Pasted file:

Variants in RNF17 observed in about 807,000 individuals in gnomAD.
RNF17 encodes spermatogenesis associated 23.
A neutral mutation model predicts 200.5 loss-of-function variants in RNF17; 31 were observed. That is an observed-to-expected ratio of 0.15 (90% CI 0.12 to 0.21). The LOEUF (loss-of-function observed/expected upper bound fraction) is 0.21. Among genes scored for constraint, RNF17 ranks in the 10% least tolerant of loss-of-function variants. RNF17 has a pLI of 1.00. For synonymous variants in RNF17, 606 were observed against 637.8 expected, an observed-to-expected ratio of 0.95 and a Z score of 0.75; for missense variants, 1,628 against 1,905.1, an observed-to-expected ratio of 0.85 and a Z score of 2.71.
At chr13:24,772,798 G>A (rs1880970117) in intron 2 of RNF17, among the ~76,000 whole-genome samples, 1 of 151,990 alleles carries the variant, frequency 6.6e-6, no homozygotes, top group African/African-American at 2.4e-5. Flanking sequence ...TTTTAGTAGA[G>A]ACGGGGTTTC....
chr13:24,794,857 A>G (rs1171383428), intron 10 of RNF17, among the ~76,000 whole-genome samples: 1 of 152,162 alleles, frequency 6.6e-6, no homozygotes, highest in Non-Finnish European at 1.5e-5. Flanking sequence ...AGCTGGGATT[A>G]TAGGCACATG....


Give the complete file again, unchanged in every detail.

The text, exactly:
Variants in RNF17 observed in about 807,000 individuals in gnomAD.
RNF17 encodes spermatogenesis associated 23.
A neutral mutation model predicts 200.5 loss-of-function variants in RNF17; 31 were observed. That is an observed-to-expected ratio of 0.15 (90% CI 0.12 to 0.21). The LOEUF (loss-of-function observed/expected upper bound fraction) is 0.21. Among genes scored for constraint, RNF17 ranks in the 10% least tolerant of loss-of-function variants. RNF17 has a pLI of 1.00. For synonymous variants in RNF17, 606 were observed against 637.8 expected, an observed-to-expected ratio of 0.95 and a Z score of 0.75; for missense variants, 1,628 against 1,905.1, an observed-to-expected ratio of 0.85 and a Z score of 2.71.
At chr13:24,772,798 G>A (rs1880970117) in intron 2 of RNF17, among the ~76,000 whole-genome samples, 1 of 151,990 alleles carries the variant, frequency 6.6e-6, no homozygotes, top group African/African-American at 2.4e-5. Flanking sequence ...TTTTAGTAGA[G>A]ACGGGGTTTC....
chr13:24,794,857 A>G (rs1171383428), intron 10 of RNF17, among the ~76,000 whole-genome samples: 1 of 152,162 alleles, frequency 6.6e-6, no homozygotes, highest in Non-Finnish European at 1.5e-5. Flanking sequence ...AGCTGGGATT[A>G]TAGGCACATG....